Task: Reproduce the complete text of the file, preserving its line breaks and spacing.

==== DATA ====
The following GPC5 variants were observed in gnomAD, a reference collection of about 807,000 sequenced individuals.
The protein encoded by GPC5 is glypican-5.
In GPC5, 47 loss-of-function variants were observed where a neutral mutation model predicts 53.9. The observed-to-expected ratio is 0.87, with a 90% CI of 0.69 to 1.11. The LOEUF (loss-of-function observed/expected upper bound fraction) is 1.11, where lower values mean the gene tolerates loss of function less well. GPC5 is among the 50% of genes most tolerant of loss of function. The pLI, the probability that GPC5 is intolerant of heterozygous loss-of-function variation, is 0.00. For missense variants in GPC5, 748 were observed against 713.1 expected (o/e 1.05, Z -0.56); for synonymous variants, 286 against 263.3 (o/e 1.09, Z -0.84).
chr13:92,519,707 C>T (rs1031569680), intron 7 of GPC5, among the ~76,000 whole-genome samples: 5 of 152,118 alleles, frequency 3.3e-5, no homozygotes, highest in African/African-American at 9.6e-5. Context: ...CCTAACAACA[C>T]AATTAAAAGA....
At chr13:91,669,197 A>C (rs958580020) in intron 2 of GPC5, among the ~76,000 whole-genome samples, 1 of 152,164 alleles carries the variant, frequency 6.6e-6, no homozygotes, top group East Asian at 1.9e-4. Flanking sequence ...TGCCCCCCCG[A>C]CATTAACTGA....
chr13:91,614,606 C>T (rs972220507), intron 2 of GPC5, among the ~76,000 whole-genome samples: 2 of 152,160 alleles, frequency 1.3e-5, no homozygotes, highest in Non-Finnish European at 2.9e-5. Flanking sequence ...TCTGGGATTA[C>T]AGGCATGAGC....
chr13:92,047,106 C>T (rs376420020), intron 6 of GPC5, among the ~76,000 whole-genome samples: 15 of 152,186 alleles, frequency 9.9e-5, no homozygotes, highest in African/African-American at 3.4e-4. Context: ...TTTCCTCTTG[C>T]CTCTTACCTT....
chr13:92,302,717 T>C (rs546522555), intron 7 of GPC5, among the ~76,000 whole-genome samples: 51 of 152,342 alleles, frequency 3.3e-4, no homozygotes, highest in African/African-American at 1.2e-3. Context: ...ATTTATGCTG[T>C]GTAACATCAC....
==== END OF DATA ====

The following GPC5 variants were observed in gnomAD, a reference collection of about 807,000 sequenced individuals.
The protein encoded by GPC5 is glypican-5.
In GPC5, 47 loss-of-function variants were observed where a neutral mutation model predicts 53.9. The observed-to-expected ratio is 0.87, with a 90% CI of 0.69 to 1.11. The LOEUF (loss-of-function observed/expected upper bound fraction) is 1.11, where lower values mean the gene tolerates loss of function less well. GPC5 is among the 50% of genes most tolerant of loss of function. The pLI, the probability that GPC5 is intolerant of heterozygous loss-of-function variation, is 0.00. For missense variants in GPC5, 748 were observed against 713.1 expected (o/e 1.05, Z -0.56); for synonymous variants, 286 against 263.3 (o/e 1.09, Z -0.84).
chr13:92,519,707 C>T (rs1031569680), intron 7 of GPC5, among the ~76,000 whole-genome samples: 5 of 152,118 alleles, frequency 3.3e-5, no homozygotes, highest in African/African-American at 9.6e-5. Context: ...CCTAACAACA[C>T]AATTAAAAGA....
At chr13:91,669,197 A>C (rs958580020) in intron 2 of GPC5, among the ~76,000 whole-genome samples, 1 of 152,164 alleles carries the variant, frequency 6.6e-6, no homozygotes, top group East Asian at 1.9e-4. Flanking sequence ...TGCCCCCCCG[A>C]CATTAACTGA....
chr13:91,614,606 C>T (rs972220507), intron 2 of GPC5, among the ~76,000 whole-genome samples: 2 of 152,160 alleles, frequency 1.3e-5, no homozygotes, highest in Non-Finnish European at 2.9e-5. Flanking sequence ...TCTGGGATTA[C>T]AGGCATGAGC....
chr13:92,047,106 C>T (rs376420020), intron 6 of GPC5, among the ~76,000 whole-genome samples: 15 of 152,186 alleles, frequency 9.9e-5, no homozygotes, highest in African/African-American at 3.4e-4. Context: ...TTTCCTCTTG[C>T]CTCTTACCTT....
chr13:92,302,717 T>C (rs546522555), intron 7 of GPC5, among the ~76,000 whole-genome samples: 51 of 152,342 alleles, frequency 3.3e-4, no homozygotes, highest in African/African-American at 1.2e-3. Context: ...ATTTATGCTG[T>C]GTAACATCAC....